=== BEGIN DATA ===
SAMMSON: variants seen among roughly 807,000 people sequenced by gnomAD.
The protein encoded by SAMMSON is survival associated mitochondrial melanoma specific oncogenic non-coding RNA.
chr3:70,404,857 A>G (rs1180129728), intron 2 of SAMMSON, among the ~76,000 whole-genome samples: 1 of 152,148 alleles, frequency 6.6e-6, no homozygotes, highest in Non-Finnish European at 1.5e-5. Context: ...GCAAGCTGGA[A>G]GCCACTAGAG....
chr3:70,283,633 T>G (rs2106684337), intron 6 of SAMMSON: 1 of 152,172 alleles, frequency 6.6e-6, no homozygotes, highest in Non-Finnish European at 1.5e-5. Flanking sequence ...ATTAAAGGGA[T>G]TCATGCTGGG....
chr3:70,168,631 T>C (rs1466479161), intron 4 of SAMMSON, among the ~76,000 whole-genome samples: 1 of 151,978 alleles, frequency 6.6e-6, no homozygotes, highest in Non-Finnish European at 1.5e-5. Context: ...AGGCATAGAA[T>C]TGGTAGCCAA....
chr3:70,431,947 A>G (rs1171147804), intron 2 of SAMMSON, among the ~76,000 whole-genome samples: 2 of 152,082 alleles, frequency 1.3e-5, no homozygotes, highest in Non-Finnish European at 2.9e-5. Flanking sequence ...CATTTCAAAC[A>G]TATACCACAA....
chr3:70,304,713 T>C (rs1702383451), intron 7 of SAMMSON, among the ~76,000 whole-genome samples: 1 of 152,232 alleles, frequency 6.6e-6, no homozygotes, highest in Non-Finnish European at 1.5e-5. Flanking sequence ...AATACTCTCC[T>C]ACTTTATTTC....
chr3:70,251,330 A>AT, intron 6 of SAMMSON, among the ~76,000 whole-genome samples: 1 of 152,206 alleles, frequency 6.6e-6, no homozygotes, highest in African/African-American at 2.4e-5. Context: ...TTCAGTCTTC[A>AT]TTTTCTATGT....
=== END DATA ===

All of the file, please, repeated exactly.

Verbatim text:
SAMMSON: variants seen among roughly 807,000 people sequenced by gnomAD.
The protein encoded by SAMMSON is survival associated mitochondrial melanoma specific oncogenic non-coding RNA.
chr3:70,404,857 A>G (rs1180129728), intron 2 of SAMMSON, among the ~76,000 whole-genome samples: 1 of 152,148 alleles, frequency 6.6e-6, no homozygotes, highest in Non-Finnish European at 1.5e-5. Context: ...GCAAGCTGGA[A>G]GCCACTAGAG....
chr3:70,283,633 T>G (rs2106684337), intron 6 of SAMMSON: 1 of 152,172 alleles, frequency 6.6e-6, no homozygotes, highest in Non-Finnish European at 1.5e-5. Flanking sequence ...ATTAAAGGGA[T>G]TCATGCTGGG....
chr3:70,168,631 T>C (rs1466479161), intron 4 of SAMMSON, among the ~76,000 whole-genome samples: 1 of 151,978 alleles, frequency 6.6e-6, no homozygotes, highest in Non-Finnish European at 1.5e-5. Context: ...AGGCATAGAA[T>C]TGGTAGCCAA....
chr3:70,431,947 A>G (rs1171147804), intron 2 of SAMMSON, among the ~76,000 whole-genome samples: 2 of 152,082 alleles, frequency 1.3e-5, no homozygotes, highest in Non-Finnish European at 2.9e-5. Flanking sequence ...CATTTCAAAC[A>G]TATACCACAA....
chr3:70,304,713 T>C (rs1702383451), intron 7 of SAMMSON, among the ~76,000 whole-genome samples: 1 of 152,232 alleles, frequency 6.6e-6, no homozygotes, highest in Non-Finnish European at 1.5e-5. Flanking sequence ...AATACTCTCC[T>C]ACTTTATTTC....
chr3:70,251,330 A>AT, intron 6 of SAMMSON, among the ~76,000 whole-genome samples: 1 of 152,206 alleles, frequency 6.6e-6, no homozygotes, highest in African/African-American at 2.4e-5. Context: ...TTCAGTCTTC[A>AT]TTTTCTATGT....